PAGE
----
A half century ago, Meals on Wheels Central Texas consisted of eight neighbors cooking in local church kitchens to provide hot, nutritious meals to 12 neighbors in need. Today, the organization has several thousand volunteers providing services to around 5,000 seniors across the region, aiming to help them live in their homes independently with dignity.

Henry Van de Putte became the CEO of Meals on Wheels Central Texas in February, but his love for nonprofits was sparked in the aftermath of Hurricane Katrina. Seeing firsthand how nonprofits could reach people in a way the government could not, he was motivated to dedicate his life to helping others. Now, he credits his passion for the mission of MOWCTX to his adoration for his grandparents and great-grandparents.

“Meals on Wheels Central Texas is such a unique opportunity, not just because of the service we do, but the entrepreneurial spirit that this organization brings to this community,” Van de Putte said. “Where the Austin community is right now with the growth and evolution, there really is the threat of losing our living history within our Central Texas family.”

Since the onset of the coronavirus pandemic in March 2020, MOWCTX’s benchmark program of daily hot meal delivery had halted. It resumed in April of this year, and Van de Putte said in just the first week of resumption, volunteers called 911 three times because a senior had fallen. To him, it is all about the volunteer-client interactions.

“We sustain through our programs, living history in the community. It’s validated, it’s there, it’s important, it’s worthwhile,” Van de Putte said. “I think with our myriad programs, we offer a soup to nuts organization that covers so many needs for the seniors in Central Texas.”

In addition to prepared meal delivery, the organization offers over 13 programs, including in-home care, pet care called PALS, home repair, and respite care for adults and seniors with dementia or Alzheimer’s. To date, the program has provided over 240,000 hours of in-home care, served 900 clients’ pets each year, and has used a total of over $3.6 million for home repairs.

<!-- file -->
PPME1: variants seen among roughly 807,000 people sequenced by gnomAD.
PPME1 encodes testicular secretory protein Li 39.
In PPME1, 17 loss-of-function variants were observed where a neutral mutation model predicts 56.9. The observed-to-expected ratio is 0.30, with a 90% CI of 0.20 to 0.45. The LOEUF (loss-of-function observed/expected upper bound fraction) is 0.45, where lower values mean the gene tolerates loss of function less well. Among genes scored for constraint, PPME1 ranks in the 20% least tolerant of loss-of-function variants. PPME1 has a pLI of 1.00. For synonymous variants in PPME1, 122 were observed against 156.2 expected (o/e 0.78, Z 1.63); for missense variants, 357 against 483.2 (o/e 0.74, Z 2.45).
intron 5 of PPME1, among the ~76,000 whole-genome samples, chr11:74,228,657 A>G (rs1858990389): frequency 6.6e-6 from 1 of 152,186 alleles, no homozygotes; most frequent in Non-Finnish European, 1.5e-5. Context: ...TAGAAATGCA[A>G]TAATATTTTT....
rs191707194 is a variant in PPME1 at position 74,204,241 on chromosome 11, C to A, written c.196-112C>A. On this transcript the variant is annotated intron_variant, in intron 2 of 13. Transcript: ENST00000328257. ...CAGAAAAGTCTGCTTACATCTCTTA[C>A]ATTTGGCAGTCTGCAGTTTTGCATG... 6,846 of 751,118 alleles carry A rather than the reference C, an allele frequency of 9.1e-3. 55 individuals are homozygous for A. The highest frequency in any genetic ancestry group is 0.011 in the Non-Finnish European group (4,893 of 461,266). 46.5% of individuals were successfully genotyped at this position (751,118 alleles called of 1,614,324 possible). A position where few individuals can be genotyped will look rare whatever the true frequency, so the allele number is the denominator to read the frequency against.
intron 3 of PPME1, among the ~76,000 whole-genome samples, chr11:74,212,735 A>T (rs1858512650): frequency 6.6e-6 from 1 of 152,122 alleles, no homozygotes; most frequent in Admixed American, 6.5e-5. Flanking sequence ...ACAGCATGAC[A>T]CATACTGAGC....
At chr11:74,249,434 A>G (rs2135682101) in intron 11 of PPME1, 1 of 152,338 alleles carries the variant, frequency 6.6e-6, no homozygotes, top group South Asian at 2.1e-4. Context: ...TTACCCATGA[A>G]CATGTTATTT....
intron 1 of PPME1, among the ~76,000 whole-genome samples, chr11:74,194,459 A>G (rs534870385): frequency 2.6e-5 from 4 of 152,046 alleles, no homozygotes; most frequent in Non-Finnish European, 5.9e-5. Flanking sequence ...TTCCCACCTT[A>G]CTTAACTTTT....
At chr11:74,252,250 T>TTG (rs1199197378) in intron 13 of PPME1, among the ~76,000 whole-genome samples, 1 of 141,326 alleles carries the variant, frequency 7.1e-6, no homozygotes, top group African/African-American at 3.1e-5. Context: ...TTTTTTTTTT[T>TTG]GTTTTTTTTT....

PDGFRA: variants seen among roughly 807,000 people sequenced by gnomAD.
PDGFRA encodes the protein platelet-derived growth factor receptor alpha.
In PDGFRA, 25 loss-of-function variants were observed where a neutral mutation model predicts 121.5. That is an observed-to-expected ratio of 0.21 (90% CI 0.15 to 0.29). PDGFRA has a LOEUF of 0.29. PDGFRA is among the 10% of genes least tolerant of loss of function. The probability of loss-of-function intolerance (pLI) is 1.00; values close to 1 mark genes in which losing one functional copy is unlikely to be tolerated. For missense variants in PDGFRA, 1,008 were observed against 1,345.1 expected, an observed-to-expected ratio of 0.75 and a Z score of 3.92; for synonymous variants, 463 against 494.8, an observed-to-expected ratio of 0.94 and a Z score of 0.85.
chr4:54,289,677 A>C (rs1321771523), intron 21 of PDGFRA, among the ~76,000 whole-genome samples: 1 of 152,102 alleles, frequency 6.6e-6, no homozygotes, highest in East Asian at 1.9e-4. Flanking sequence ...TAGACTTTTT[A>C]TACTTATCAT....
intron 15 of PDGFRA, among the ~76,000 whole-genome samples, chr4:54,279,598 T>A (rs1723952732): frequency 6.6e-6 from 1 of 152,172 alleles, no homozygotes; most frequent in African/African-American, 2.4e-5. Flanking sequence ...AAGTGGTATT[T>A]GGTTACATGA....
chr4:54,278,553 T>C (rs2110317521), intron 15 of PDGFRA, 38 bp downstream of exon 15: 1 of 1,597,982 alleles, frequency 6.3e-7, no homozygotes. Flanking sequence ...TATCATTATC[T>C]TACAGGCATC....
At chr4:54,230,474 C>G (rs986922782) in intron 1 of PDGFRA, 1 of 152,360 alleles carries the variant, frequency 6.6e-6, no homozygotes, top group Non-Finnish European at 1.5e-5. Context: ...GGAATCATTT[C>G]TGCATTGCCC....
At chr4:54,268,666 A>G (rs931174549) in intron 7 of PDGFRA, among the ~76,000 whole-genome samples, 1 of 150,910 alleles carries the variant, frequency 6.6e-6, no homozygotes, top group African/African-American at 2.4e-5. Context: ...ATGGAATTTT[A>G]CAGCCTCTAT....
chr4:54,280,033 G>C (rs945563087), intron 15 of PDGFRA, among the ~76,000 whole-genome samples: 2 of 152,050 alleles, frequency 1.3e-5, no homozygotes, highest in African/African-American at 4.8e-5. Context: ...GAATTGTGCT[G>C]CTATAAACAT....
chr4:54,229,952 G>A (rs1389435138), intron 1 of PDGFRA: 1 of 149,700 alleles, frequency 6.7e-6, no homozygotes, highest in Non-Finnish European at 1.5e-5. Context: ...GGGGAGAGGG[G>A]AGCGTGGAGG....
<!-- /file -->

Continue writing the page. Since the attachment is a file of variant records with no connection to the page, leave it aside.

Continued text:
Before the pandemic, about 93% of meals delivered to seniors were done by volunteers. Van de Putte said on any given week, a senior could receive a meal from five different individuals, providing varying social interactions and glimmers of hope. Now, about 40-60% of meals are delivered by volunteers and MOWCTX staff fill in the void. Van de Putte hopes to bring the percentage of volunteerism back up to pre-pandemic normalcy.

“We cannot just hire our way to success or raise revenue that way. We’ve got to have the volunteer spirit,” Van de Putte said. “I think that’s what’s important now. If we don’t give folks a taste of volunteerism it’s a part of our community that can be lost.”

Looking ahead to the future, Van de Putte hopes the next 50 years are filled with volunteers helping in all aspects of the program’s mission. He also wants to utilize technology to enhance systems.

“It’s understanding where technology is going to take us and fully utilizing it while not losing the human interaction,” Van de Putte said. “That’s where we’re going to be in 50 years, harnessing technology to be as efficient as we can without losing the human connection.”

Van de Putte said while meals can sometimes be transactional, the system in place with MOWCTX makes them transformational. Each Wednesday, Van de Putte takes a route through the community to deliver meals and make connections with clients, knowing human relationships are the most valuable gift.

“All of us have an experience of our elders in our own family, and we know that it takes a village. What happens to the seniors without the village? That’s what keeps me going,” Van de Putte said.

MOWCTX has open meal delivery routes in all areas of the metro. Head to www.mealsonwheelscentraltexas.org to start an application and find local volunteer opportunities.

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